Up to 20,000 defective graphics cards have been shipped by Diamond Multimedia according to website TG Daily. The cards from the AMD/ATA HD 3800 series allegedly went onto the market between January and July this year and may all be problematic. Furthermore, a substantial number of HD 3870 512 cards and X2 models may also be faulty.
TG Daily wrote that: "All cards lack power management features; the 3850s were identified to have quality issues with poor soldering and integrated memory problems while the 3870s were delivered with a wrong resistor value, which can result in computers not starting up and system crashes."
Aliens claim their 10 per cent
The issue came to the fore after a complaint from Alienware, which returned all the cards it had bought from Diamond after finding more than 10 per cent of X2 cards to be faulty. System crashes and artifacts on games were the common symptoms.
In a previous case, Alienware had found an entire shipment of its Diamond cards faulty. After this latest incident, Alienware has changed suppliers.
When questioned on its findings by TG Daily, Diamond CEO Bruce Zaman issued the following statement:
"After investigating our customer service logs, we did uncover an isolated issue with one OEM manufacturer relating to a power supply being used. The issue was identified and corrected. We do not have any extraordinary customer call reports for HD 3850, 3870 512 MB boards.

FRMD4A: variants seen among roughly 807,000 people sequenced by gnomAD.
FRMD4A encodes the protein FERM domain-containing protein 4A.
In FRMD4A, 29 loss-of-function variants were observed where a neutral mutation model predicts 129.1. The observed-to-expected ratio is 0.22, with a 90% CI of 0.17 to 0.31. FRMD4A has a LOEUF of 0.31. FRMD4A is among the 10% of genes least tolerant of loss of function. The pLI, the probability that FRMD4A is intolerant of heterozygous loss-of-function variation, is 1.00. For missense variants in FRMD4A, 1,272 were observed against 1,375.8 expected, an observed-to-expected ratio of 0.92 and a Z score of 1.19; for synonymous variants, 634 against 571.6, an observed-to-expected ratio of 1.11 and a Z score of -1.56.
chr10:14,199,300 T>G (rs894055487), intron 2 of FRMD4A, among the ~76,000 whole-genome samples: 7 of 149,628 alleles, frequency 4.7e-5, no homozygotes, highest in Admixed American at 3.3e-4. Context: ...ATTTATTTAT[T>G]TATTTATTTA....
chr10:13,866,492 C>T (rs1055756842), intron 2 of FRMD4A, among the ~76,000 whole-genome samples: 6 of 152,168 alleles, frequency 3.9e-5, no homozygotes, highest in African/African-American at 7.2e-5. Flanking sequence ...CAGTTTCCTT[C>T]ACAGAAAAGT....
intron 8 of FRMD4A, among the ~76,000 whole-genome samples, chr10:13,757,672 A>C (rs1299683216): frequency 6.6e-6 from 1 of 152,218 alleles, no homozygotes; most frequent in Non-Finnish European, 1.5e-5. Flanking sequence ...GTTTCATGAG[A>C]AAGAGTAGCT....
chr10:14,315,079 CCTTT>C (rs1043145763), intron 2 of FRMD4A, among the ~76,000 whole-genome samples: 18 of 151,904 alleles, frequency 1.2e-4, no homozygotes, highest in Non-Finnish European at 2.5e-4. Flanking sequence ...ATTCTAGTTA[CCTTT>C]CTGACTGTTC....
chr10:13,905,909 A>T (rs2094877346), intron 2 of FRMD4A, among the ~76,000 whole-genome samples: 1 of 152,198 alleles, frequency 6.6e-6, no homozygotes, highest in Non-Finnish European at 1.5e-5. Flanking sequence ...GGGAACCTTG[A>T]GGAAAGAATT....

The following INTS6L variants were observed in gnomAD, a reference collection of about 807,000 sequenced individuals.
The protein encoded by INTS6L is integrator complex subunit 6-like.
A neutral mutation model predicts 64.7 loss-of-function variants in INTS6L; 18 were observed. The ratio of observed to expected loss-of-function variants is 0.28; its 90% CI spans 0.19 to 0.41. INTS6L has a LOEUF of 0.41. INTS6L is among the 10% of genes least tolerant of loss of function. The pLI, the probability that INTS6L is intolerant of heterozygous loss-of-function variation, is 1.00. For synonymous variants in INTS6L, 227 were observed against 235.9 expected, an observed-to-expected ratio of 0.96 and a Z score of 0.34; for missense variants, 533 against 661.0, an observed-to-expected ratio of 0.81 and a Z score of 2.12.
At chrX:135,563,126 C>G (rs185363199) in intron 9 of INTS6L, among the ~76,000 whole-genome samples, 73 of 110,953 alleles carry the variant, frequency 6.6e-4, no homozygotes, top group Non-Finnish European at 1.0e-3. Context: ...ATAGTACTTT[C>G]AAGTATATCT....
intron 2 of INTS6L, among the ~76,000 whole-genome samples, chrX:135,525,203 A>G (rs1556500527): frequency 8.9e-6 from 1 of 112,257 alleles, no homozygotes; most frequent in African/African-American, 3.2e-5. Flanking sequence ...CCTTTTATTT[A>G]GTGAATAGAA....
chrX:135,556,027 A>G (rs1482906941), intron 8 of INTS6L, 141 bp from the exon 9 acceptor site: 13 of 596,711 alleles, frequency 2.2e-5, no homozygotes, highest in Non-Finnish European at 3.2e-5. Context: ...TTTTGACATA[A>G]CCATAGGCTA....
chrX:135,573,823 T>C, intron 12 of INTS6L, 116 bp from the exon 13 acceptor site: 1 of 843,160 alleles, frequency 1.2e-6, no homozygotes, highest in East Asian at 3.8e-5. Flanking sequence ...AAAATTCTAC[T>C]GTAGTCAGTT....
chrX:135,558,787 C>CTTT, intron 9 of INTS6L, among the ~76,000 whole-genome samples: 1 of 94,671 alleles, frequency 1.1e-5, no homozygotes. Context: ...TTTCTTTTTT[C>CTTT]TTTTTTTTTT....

"Diamond manufactures the most reliable graphics cards in the industry and our customers' satisfaction is our first priority. Diamond has always been about customer service and cares about maintaining good standing relationships with OEM manufacturers."
Bit of a card
All very well, but part of the problem may be that card vendors like Diamond don't necessarily make the cards themselves though they are likely to make small changes to the finished product to create a unique product. The original manufacturer was actually Info-Tek Corporation (ITC) which may be responsible for the faulty cards. The situation seems to have been compounded by inadequate testing on the part of Diamond.
A full recall does not appear to be on the books and thus far only a minority of users seem to have problems. If you have been affected adversely you are advised to contact Diamond, which should replace the faulty product.
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